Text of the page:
Initialized General Partner Alda Leu Dennis

In advising our companies through these tough times, it’s become apparent to me that there is a huge divide between investors and founders who believe in treating their employees generously with respect to equity compensation (even when employees are on the way out), and those who do not. I will start this post with a novel assertion: Employee equity is compensation. It seems obvious, but attracting and keeping great talent is the lifeblood of any company. Showing employees that they are valued by creating compensation structures in their favor benefits companies in the long run.

Despite this, venture investors and founders have a tendency to want to hoard and restrict equity. In almost 15 years of working in venture capital, I’ve seen less and less favorable terms for employees crop up, even as the industry became more founder-friendly.

Some examples:

Transfer restrictions and rights of first refusal

When Facebook was founded in 2004, founders didn’t think that going public was something to be avoided like the plague. It wasn’t until the company had raised several hundreds of millions that Facebook realized it should implement transfer restrictions on its shares, almost four years after its formation. Consequently, Facebook was fairly permissive on secondary transfers of its shares (subject to securities regulations and rights-of-first-refusal). After the secondary frenzy piqued for pre-IPO Facebook shares, other private companies began to realize that allowing the relatively free transferability of its shares was not a good idea. Now, transfer restrictions and rights of first refusal are now standard conditions of private equity ownership. I’ve seen extreme examples where ex-employees are required to allow the company to buy back their stock. At COST!


I’m starting to see more back-loaded vesting schedules. Last year, one of our portfolio companies renegotiated several senior executives’ vesting schedules to be back-loaded, and then promptly transitioned those execs out. Great for shareholders. Bad for those execs.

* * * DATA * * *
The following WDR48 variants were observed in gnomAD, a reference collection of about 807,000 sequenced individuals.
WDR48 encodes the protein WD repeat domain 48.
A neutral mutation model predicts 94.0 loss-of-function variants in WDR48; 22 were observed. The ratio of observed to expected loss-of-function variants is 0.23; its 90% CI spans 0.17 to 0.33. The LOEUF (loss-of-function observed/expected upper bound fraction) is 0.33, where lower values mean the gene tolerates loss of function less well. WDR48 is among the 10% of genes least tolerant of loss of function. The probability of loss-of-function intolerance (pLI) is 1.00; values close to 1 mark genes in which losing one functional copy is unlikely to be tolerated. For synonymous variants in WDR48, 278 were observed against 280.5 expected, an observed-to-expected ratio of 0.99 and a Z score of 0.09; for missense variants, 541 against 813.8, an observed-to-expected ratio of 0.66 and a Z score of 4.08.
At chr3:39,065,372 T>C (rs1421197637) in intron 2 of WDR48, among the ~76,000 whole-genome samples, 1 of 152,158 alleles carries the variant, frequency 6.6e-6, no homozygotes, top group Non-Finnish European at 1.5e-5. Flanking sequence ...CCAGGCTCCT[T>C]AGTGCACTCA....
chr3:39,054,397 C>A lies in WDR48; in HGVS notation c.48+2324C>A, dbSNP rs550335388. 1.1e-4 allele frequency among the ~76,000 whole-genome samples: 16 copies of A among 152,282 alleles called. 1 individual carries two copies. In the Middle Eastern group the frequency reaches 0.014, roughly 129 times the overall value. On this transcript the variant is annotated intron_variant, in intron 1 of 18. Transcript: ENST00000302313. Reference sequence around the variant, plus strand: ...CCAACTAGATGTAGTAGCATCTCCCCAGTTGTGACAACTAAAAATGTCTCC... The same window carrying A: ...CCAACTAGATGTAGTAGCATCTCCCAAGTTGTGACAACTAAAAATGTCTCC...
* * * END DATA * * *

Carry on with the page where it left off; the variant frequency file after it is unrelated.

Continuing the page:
Option exercise period

The industry standard option exercise period is 90 days after the employee leaves the company. This means that unless the employee writes a check out of his or her own pocket for the shares, those shares are forfeited to the company. After 90 days, Incentive Stock Options (ISOs) turn into Non-Qualified Stock Options (NSOs), which have worse tax treatment. But I think the real reason is that founders and investors want to get the shares back in the pool rather than have someone who isn’t working at the company on the cap table. Not only does an employee have to pay for the shares, they likely have to pay taxes on the gain of the stock’s value as well. Unsurprisingly, only a small fraction of vested options get exercised. I was recently discussing this with the CEO of a Series C-stage company. In conjunction with some layoffs, he wanted to extend the option exercise window employees and was getting push-back from the board. It wasn’t surprising to me that the board member from an old school firm was not receptive to being generous with soon-to-be-former employees. Other firms may argue that extending the option exercise window favors former employees at the expense of current ones, which strikes me as a backward way of looking at the situation rather than a forward-looking one.